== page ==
I keep hearing Keith Olbermann list members of both parties who have taken money from companies and/or lobbyists who like health care exactly as they have created it to be: adequate for a few, costly for many and non-existent for all the rest. If these members confront or oppose or, God forbid, demand change to help the human lives they represent, they may lose money to keep their seats. How sad. Perhaps we should line them up and let them go. Do we need people representing us who live and work more in fear of political survival than anything else?
I watch while no one seems to have the courage to tackle this issue head on. Kennedy tried until his own health stepped in and freed him from the fight he had fought for so long. Yet he had stoked the flames of our imaginations and hopes and dreams and then he handed the flame to Obama hoping that he would find a way to make health care reform real and strong. I want to believe but where are the voices who offer support and fight with him?
Thursday for the first time I heard Nancy Pelosi* speak from her heart about the responsibility that must be taken for words, needlessly incendiary words spoken to inflame and distract in order to obstruct and defeat with no thought to the reactions they might provoke. She had seen the consequences of such words herself and clearly the memory still lives within her.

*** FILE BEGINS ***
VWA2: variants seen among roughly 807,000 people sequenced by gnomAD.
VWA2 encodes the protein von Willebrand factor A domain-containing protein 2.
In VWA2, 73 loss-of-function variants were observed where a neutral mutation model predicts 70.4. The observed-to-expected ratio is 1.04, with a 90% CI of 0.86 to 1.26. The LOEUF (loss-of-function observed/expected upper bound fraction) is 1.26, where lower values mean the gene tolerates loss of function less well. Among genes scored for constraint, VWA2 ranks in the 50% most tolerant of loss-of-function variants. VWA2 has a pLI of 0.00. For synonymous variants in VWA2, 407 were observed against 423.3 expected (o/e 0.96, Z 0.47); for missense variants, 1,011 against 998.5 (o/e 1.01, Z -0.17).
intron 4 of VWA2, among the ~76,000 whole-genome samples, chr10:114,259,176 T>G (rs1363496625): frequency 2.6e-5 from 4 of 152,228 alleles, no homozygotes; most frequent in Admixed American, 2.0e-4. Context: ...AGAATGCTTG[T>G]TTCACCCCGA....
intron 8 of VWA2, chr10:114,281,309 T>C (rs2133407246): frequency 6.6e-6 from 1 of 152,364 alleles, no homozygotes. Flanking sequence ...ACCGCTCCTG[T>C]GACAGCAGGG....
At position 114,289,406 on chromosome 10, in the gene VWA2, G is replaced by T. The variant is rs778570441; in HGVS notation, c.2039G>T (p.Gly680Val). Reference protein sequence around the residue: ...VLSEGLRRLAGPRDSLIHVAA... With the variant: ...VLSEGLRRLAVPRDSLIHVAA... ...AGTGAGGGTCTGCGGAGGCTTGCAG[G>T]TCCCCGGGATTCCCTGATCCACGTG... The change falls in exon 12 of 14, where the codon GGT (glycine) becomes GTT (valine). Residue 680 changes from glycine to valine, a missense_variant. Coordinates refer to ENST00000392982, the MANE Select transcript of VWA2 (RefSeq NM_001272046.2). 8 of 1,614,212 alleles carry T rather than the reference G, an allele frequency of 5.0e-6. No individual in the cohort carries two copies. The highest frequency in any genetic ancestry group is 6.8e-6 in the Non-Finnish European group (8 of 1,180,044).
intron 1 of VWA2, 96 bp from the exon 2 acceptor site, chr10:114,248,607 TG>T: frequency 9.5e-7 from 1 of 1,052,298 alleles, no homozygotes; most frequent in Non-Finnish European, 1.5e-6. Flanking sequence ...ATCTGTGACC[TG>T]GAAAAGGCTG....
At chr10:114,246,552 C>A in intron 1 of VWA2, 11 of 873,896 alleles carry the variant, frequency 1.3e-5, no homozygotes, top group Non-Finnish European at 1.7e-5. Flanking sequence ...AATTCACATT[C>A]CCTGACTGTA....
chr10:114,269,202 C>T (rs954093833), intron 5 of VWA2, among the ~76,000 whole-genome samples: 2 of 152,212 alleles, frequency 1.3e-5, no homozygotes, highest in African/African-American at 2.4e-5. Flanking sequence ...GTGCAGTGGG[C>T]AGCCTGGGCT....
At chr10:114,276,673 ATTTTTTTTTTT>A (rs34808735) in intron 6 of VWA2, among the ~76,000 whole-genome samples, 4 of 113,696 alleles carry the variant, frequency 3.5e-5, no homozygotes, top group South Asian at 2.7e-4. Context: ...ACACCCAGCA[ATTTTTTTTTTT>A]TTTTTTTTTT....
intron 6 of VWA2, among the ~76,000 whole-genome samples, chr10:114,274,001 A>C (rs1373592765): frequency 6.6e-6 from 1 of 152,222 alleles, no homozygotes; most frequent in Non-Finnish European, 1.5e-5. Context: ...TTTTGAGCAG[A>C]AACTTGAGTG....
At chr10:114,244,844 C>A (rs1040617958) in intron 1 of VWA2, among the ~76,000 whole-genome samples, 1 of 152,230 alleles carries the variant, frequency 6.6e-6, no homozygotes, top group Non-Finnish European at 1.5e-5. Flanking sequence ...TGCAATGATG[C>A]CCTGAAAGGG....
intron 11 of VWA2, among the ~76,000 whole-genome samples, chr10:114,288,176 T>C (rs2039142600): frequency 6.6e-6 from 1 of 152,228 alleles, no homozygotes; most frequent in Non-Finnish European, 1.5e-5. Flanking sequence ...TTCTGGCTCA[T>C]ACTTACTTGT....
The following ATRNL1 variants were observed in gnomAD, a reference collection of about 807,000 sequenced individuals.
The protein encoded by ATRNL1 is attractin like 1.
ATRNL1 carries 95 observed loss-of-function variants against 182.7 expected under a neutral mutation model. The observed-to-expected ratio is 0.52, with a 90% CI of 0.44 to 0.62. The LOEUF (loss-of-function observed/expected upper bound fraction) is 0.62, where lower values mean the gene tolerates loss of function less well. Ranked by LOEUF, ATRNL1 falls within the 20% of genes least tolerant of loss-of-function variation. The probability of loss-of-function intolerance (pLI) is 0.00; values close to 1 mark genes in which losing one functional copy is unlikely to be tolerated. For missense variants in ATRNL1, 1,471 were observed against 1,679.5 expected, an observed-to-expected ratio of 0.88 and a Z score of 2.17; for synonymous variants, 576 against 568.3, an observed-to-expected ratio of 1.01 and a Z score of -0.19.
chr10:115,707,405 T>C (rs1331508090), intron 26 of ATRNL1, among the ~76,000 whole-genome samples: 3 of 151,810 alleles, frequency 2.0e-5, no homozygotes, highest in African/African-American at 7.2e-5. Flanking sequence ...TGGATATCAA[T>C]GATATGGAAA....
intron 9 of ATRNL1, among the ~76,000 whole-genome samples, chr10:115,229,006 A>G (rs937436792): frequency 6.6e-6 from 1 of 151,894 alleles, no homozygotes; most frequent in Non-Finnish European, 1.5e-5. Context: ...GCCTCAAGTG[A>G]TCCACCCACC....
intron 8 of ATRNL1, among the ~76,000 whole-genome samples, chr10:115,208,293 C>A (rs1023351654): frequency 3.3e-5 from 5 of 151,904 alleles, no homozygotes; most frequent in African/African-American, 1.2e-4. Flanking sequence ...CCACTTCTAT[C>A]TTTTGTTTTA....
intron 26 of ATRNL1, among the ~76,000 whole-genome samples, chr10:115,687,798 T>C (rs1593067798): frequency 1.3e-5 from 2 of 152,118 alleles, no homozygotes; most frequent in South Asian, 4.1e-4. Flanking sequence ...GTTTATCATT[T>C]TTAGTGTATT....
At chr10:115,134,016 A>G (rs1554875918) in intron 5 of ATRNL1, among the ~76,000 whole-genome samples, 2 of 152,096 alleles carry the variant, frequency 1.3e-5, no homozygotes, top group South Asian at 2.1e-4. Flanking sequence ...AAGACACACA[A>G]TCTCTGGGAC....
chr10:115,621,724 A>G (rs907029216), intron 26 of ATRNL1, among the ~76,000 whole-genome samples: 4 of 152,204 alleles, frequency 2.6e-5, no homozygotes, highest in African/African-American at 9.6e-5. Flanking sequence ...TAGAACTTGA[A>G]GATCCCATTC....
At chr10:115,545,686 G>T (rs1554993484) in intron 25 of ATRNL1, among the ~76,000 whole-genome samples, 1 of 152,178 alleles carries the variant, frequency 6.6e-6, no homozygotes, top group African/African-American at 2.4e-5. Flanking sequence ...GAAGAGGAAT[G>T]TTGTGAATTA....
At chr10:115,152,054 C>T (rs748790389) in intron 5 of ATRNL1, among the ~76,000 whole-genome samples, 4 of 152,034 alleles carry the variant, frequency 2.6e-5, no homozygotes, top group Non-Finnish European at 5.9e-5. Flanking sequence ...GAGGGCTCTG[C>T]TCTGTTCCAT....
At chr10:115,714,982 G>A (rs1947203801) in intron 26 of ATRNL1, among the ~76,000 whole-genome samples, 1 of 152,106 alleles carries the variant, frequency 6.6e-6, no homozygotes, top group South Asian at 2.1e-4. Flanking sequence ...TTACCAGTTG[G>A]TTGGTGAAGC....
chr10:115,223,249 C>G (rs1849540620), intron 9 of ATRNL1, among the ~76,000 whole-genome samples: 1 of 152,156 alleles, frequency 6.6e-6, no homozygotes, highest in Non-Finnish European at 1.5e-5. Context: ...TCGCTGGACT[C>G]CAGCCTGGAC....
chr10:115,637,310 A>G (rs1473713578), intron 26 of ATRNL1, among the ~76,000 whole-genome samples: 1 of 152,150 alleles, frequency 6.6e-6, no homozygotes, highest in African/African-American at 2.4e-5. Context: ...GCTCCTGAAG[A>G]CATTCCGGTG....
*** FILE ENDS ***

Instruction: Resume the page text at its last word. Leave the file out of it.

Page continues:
Always she seems to be playing a role, but not yesterday. Yesterday we saw her heart. We need hearts to beat and feel their own rhythms in order to remember their own honest truths. Patients and families of patients speak from their hearts as they provide examples of health care gone wrong or not provided. Why are so many refusing to hear heart and honesty and truth? Why are they refusing to speak heart and honesty and truth?
They can speak some of the right words. They sometimes look as though they care about the people, the actual constituents they are elected to represent. In reality, however, they look and listen far more closely to those who control the money that has either helped them get their seats or hold their seats or promise to help them keep their seats as long as they can. Too many of those people see health care as a profit making machine. As a result too many of those who represent us feel they can’t afford to see it as anything else.
Strength and conviction? Courage and backbone? Commitment and compassion? Where are they? Who even remembers what they are? They don’t appear on a balance sheet. They don’t seem to register anywhere these days. Power matters. Money matters. Power and money matter most of all.
Not to me.